George W. Cullum, Brigadier-General, Chief of Staff.
Flag-office Foote's report.
Columbus, Ky., Tuesday, March 4, 1862.sir: Columbus is in our possession. My armed reconnoissance on the second instant caused a hasty evacuation, the rebels leaving quite a number of guns and carriages, ammunition and stores, a large quantity of shot and shell, a considerable number of anchors, and the remnant of chain lately stretched across the river, with a large number of torpedoes. Most of the huts, tents and quarters, were destroyed. The works are of very great strength, consisting of formidable tiers of batteries on the north side, surrounded by a ditch and abattis. Gen. Sherman, with Lieut. Commanding Phelps, not knowing that they were last evening occupied by four hundred and six of the Second Illinois cavalry, a scouting party sent by General Sherman from Paducah, made a bold dash to the shore, under the batteries, hoisting the American flag on the bluffs. It was greeted by the hearty cheers of our brave tars and soldiers. The force consisted of six gunboats, four mortar-boats, and three transports, having on board three regiments and two battalions of infantry, under command of Col. Buford. Gen. Cullom and General Sherman being in command of the troops. The former leaving a sick-bed to go ashore, discovered what was evidently a magazine on fire, at both extremities, and immediately ordered the train to be cut, and thus saved the lives of the garrison. While I cannot express too strongly my admiration of the gallantry and wise counsels of the distinguished aid and engineer of General halleck, Gen. Collum, I must add, that Commanders Davis, Walke and Stemble, and Lieuts. Commanding Paulding, Thompson, Shirk and Phelps — the latter being in command of the mortar division, assisted by Lieut. Luford, of the Ordnance corps of the United States Army--nobly performed their duty. I have my flag on board the Cincinnati, commanded by the gallant Commander Stemble. Gen. Sherman remains temporarily in command at Columbus. [Signed]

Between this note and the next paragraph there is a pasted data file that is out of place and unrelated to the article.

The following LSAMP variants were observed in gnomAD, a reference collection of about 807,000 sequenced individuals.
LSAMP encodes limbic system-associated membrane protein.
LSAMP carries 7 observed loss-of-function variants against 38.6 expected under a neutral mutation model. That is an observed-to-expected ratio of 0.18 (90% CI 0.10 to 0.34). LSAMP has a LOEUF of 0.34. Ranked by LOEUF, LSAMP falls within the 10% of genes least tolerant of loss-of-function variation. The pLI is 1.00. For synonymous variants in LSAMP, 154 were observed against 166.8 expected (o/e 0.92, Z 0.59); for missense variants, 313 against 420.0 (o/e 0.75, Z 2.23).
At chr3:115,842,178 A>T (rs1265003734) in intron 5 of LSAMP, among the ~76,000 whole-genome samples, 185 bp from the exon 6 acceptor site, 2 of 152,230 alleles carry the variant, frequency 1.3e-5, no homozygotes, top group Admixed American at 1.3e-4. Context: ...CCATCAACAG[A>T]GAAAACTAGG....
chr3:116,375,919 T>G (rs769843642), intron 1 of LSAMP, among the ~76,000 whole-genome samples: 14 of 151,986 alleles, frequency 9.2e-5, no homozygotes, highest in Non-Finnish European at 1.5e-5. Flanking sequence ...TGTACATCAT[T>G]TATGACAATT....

A. H. Foote, Flag-Officer.
Cincinnati Gazette account.